Bulimia is a recent pathology related to anorexia. It developed in the '80s and is often a consequence of anorexia. It is a short of “great hunger” characterised by gorging food and then followed by forced vomiting, by fasting or by laxative or amphetamine abuse.
Whereas anorexics are able to control their need for food, bulimics are weaker and react by gorging themselves regularly, swallowing a lot of food in a short time and then vomiting so as not to get fat.
They have little control over their impulses and food becomes a drug. They are obsessed with fatness but they are unable to stop eating. Each gorging session is followed by the compulsive desire to get rid of the hated food.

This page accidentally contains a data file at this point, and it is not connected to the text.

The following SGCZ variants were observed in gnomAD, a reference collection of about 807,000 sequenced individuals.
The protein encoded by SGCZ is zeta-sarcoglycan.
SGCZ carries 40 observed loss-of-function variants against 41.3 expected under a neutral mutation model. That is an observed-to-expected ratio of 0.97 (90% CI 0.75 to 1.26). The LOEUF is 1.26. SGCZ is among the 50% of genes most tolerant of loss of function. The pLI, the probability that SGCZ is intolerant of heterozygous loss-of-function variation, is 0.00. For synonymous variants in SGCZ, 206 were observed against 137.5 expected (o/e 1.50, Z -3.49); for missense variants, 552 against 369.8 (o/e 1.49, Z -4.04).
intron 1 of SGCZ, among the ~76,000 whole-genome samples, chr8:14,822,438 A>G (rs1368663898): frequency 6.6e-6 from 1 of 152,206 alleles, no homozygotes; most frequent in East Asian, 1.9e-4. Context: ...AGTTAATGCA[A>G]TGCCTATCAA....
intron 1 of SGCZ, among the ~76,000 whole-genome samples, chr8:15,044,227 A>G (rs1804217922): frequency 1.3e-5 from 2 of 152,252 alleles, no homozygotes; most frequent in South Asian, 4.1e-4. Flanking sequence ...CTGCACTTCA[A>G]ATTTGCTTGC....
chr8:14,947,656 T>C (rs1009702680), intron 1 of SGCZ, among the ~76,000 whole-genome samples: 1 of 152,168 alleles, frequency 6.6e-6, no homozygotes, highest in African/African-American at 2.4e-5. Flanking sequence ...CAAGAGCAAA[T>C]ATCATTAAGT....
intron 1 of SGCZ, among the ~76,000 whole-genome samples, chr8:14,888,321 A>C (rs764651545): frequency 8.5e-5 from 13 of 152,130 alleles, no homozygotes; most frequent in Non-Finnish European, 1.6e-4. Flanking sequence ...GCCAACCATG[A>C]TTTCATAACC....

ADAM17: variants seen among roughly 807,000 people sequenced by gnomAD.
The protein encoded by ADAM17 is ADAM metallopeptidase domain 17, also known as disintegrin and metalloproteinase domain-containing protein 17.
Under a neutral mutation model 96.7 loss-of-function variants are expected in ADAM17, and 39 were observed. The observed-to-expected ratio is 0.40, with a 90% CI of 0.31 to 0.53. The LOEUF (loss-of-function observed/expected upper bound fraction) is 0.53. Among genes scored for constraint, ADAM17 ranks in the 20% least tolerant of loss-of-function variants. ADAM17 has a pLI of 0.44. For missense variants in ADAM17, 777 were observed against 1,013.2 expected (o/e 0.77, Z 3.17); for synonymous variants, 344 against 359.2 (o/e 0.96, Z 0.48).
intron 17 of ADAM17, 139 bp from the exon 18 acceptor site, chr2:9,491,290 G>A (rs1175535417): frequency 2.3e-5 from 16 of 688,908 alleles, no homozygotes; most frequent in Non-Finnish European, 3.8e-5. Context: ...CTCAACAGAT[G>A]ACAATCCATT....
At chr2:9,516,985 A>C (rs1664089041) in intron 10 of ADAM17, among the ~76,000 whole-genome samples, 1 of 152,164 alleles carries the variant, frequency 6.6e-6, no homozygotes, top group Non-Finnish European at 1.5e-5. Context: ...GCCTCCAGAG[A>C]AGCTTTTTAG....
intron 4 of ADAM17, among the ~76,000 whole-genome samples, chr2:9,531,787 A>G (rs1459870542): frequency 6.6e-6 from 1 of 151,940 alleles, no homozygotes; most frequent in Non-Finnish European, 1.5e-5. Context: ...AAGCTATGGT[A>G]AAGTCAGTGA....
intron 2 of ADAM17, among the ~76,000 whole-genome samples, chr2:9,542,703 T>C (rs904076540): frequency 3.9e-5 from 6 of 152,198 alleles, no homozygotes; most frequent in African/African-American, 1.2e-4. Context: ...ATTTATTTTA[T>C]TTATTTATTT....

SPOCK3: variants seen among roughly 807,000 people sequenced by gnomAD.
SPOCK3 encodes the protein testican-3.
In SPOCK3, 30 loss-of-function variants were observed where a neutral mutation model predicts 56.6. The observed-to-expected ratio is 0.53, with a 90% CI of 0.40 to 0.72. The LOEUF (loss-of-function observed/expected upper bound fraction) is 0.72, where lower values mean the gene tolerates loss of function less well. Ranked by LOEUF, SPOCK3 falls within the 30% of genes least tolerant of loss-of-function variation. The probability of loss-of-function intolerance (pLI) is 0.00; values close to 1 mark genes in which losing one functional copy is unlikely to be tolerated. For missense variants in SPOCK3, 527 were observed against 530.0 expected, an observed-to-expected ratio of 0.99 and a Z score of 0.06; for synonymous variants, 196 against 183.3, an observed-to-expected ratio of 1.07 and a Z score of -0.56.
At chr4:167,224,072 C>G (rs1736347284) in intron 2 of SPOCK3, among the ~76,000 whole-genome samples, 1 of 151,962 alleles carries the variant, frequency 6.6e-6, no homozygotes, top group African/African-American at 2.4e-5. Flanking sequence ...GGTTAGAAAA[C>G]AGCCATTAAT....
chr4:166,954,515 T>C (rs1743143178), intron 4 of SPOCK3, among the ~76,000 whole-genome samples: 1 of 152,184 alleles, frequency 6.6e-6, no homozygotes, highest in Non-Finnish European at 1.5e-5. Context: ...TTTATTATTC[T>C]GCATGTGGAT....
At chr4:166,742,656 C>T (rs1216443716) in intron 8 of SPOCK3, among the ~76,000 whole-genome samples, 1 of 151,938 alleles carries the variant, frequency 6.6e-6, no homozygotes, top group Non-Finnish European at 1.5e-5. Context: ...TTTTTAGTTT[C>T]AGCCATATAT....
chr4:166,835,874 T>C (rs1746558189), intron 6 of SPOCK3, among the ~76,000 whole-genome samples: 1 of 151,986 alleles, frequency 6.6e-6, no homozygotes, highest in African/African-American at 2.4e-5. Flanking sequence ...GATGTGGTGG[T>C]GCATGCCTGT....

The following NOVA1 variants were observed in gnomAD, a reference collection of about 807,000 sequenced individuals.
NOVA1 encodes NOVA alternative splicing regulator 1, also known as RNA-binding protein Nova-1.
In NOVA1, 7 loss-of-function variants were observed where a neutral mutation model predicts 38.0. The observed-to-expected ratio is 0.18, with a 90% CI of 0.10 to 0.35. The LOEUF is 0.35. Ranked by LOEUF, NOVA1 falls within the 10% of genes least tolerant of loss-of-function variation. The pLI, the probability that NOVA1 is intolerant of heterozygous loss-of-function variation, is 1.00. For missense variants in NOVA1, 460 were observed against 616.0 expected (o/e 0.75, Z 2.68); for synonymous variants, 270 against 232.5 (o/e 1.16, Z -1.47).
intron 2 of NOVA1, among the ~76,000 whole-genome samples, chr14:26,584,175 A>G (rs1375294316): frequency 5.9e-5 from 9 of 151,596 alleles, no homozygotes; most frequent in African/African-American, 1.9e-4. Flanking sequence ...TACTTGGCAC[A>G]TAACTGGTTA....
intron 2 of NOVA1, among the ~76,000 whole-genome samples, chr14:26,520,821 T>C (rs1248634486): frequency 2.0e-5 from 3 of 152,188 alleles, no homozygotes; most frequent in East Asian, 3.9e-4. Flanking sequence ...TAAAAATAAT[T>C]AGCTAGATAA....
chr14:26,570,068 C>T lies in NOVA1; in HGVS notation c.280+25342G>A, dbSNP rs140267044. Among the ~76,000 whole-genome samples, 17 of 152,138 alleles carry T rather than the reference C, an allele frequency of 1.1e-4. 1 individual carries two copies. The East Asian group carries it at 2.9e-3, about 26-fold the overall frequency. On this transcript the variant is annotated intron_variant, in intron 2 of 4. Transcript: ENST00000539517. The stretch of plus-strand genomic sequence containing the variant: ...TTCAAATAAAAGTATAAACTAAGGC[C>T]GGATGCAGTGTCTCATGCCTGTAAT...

This situation creates states of anxiety and depression which are then compensated for by eating in secret and loneliness, as bulimics feel ashamed and guilty about their contradictory behaviour.
Unlike anorexics, the bulimic can usually function quite normally, even if with some difficulty, and rarely requires hospitalisation. Bulimia is not evident but hidden and denied with terrible mental suffering. It is both a psychical and psychological illness which generally affects older girls in their twenties who are apparently sociable, extrovert and openminded. But their reality is a chaotic life style, and food disorder becomes a way to escape other problems which are often related to a difficult life at home.